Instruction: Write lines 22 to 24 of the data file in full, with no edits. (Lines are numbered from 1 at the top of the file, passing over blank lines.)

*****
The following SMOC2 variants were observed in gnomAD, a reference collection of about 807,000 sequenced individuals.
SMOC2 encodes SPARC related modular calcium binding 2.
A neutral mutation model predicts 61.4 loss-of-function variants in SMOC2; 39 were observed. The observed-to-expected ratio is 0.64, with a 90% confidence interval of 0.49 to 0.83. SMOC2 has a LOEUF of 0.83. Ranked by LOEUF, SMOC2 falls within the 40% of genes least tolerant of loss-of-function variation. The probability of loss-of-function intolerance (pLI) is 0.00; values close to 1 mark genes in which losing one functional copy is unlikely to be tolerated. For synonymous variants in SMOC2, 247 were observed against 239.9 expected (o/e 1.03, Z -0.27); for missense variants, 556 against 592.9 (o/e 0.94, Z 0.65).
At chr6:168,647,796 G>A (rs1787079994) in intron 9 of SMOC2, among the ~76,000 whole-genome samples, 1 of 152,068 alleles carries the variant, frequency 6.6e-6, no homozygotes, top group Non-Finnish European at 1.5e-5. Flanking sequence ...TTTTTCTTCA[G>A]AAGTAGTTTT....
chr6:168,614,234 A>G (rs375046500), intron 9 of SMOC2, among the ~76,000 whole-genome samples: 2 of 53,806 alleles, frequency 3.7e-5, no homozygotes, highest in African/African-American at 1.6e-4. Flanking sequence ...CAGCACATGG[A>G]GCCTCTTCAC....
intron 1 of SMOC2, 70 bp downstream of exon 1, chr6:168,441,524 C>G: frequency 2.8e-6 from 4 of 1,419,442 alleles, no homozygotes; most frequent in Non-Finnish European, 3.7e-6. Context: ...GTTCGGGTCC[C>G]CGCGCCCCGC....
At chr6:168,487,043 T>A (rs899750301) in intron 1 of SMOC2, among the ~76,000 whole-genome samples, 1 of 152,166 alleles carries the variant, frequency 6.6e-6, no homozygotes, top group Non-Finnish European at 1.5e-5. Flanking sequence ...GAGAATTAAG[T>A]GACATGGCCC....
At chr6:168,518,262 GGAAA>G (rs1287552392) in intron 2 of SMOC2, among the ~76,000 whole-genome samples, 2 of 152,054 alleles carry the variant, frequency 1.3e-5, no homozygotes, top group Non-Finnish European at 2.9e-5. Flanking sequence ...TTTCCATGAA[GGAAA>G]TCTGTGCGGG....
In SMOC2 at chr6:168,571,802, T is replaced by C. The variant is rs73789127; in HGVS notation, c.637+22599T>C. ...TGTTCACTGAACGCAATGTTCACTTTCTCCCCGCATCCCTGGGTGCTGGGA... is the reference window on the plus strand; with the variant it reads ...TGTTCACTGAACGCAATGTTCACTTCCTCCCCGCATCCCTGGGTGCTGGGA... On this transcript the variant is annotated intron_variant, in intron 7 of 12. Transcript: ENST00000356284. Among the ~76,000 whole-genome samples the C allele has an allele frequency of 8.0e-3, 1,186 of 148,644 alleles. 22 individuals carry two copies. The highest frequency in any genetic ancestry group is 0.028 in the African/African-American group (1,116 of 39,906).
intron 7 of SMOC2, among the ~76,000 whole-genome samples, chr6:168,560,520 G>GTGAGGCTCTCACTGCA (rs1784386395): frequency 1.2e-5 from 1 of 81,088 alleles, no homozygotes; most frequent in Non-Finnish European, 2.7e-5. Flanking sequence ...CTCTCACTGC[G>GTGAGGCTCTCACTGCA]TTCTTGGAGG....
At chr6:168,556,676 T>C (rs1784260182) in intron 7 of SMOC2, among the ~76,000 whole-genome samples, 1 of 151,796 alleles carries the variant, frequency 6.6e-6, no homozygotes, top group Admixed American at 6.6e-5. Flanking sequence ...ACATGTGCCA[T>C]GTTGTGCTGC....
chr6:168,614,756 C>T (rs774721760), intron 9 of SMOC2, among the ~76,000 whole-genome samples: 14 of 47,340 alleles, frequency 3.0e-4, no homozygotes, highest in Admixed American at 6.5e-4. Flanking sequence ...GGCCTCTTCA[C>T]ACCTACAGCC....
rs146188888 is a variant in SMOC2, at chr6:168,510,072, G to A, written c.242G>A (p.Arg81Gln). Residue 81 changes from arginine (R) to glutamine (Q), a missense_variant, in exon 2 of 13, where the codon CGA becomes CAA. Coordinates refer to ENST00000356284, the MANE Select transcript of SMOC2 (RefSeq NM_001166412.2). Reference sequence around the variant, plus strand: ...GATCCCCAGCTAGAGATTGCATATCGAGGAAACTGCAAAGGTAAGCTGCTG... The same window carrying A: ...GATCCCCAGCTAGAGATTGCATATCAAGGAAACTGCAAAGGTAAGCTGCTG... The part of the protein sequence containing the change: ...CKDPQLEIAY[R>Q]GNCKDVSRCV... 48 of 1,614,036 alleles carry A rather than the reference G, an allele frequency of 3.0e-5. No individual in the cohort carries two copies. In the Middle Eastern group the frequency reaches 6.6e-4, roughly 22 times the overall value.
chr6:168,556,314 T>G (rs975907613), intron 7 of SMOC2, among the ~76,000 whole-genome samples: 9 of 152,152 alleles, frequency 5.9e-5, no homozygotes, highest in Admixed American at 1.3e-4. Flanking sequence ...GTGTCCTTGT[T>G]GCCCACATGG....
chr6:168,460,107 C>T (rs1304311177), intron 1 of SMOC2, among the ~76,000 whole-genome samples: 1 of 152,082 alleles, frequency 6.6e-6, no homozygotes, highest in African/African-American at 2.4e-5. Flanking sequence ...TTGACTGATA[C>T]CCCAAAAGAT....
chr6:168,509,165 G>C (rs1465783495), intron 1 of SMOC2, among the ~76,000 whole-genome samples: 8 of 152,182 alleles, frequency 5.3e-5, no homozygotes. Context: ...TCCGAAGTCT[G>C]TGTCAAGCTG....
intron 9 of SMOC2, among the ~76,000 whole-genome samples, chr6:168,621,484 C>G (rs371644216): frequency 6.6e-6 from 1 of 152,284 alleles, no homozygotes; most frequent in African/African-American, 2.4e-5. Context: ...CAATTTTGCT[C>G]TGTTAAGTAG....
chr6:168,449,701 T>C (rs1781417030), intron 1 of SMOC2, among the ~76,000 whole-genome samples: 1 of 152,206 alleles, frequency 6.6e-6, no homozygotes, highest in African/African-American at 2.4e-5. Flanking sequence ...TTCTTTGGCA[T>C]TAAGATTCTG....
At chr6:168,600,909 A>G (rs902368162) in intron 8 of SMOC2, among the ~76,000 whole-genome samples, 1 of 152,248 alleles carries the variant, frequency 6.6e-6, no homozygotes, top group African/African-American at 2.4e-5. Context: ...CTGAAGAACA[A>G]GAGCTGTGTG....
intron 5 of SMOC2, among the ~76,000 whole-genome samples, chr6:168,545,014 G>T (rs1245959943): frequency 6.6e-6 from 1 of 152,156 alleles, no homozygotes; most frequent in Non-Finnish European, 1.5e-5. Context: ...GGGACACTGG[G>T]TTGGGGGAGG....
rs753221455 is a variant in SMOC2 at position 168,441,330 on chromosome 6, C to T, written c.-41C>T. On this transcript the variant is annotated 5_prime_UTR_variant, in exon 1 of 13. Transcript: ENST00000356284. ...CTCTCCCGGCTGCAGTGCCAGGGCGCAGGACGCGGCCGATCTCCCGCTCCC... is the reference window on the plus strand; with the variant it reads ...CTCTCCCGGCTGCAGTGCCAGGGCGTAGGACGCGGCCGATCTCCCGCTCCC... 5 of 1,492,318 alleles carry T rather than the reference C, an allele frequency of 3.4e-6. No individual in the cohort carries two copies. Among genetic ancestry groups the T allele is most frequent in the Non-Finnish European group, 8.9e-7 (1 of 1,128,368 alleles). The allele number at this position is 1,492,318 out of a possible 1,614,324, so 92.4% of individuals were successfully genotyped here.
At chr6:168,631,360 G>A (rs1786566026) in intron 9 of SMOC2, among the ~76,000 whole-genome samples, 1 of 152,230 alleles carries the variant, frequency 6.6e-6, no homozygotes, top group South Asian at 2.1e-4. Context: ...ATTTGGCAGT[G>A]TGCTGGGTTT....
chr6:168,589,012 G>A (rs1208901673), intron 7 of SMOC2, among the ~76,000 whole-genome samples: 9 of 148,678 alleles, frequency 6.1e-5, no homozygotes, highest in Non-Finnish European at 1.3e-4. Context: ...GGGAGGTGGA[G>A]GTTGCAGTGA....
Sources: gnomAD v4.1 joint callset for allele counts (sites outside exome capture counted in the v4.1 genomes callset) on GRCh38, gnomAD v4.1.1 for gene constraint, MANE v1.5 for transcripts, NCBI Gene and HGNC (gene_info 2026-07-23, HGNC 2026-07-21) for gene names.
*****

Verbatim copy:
At chr6:168,631,360 G>A (rs1786566026) in intron 9 of SMOC2, among the ~76,000 whole-genome samples, 1 of 152,230 alleles carries the variant, frequency 6.6e-6, no homozygotes, top group South Asian at 2.1e-4. Context: ...ATTTGGCAGT[G>A]TGCTGGGTTT....
chr6:168,589,012 G>A (rs1208901673), intron 7 of SMOC2, among the ~76,000 whole-genome samples: 9 of 148,678 alleles, frequency 6.1e-5, no homozygotes, highest in Non-Finnish European at 1.3e-4. Context: ...GGGAGGTGGA[G>A]GTTGCAGTGA....
Sources: gnomAD v4.1 joint callset for allele counts (sites outside exome capture counted in the v4.1 genomes callset) on GRCh38, gnomAD v4.1.1 for gene constraint, MANE v1.5 for transcripts, NCBI Gene and HGNC (gene_info 2026-07-23, HGNC 2026-07-21) for gene names.